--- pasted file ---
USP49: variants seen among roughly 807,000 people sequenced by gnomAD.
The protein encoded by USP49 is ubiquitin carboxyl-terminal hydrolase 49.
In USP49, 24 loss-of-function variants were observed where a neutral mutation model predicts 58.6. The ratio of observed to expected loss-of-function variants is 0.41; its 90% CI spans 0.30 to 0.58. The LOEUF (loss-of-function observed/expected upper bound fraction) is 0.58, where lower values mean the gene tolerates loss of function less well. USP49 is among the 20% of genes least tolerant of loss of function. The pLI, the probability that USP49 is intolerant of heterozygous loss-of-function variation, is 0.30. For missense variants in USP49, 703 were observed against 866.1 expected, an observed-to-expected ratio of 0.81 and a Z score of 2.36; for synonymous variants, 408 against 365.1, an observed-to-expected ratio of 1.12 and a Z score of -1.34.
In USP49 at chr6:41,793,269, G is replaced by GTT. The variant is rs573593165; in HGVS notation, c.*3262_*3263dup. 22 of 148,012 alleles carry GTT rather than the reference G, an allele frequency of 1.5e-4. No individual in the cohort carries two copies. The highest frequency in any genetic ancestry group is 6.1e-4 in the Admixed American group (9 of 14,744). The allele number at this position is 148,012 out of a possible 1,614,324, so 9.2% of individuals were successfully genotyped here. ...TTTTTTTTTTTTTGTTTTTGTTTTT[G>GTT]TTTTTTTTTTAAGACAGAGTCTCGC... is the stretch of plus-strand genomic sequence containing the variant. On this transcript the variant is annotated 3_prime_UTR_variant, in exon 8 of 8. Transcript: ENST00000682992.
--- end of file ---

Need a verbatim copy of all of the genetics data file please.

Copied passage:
USP49: variants seen among roughly 807,000 people sequenced by gnomAD.
The protein encoded by USP49 is ubiquitin carboxyl-terminal hydrolase 49.
In USP49, 24 loss-of-function variants were observed where a neutral mutation model predicts 58.6. The ratio of observed to expected loss-of-function variants is 0.41; its 90% CI spans 0.30 to 0.58. The LOEUF (loss-of-function observed/expected upper bound fraction) is 0.58, where lower values mean the gene tolerates loss of function less well. USP49 is among the 20% of genes least tolerant of loss of function. The pLI, the probability that USP49 is intolerant of heterozygous loss-of-function variation, is 0.30. For missense variants in USP49, 703 were observed against 866.1 expected, an observed-to-expected ratio of 0.81 and a Z score of 2.36; for synonymous variants, 408 against 365.1, an observed-to-expected ratio of 1.12 and a Z score of -1.34.
In USP49 at chr6:41,793,269, G is replaced by GTT. The variant is rs573593165; in HGVS notation, c.*3262_*3263dup. 22 of 148,012 alleles carry GTT rather than the reference G, an allele frequency of 1.5e-4. No individual in the cohort carries two copies. The highest frequency in any genetic ancestry group is 6.1e-4 in the Admixed American group (9 of 14,744). The allele number at this position is 148,012 out of a possible 1,614,324, so 9.2% of individuals were successfully genotyped here. ...TTTTTTTTTTTTTGTTTTTGTTTTT[G>GTT]TTTTTTTTTTAAGACAGAGTCTCGC... is the stretch of plus-strand genomic sequence containing the variant. On this transcript the variant is annotated 3_prime_UTR_variant, in exon 8 of 8. Transcript: ENST00000682992.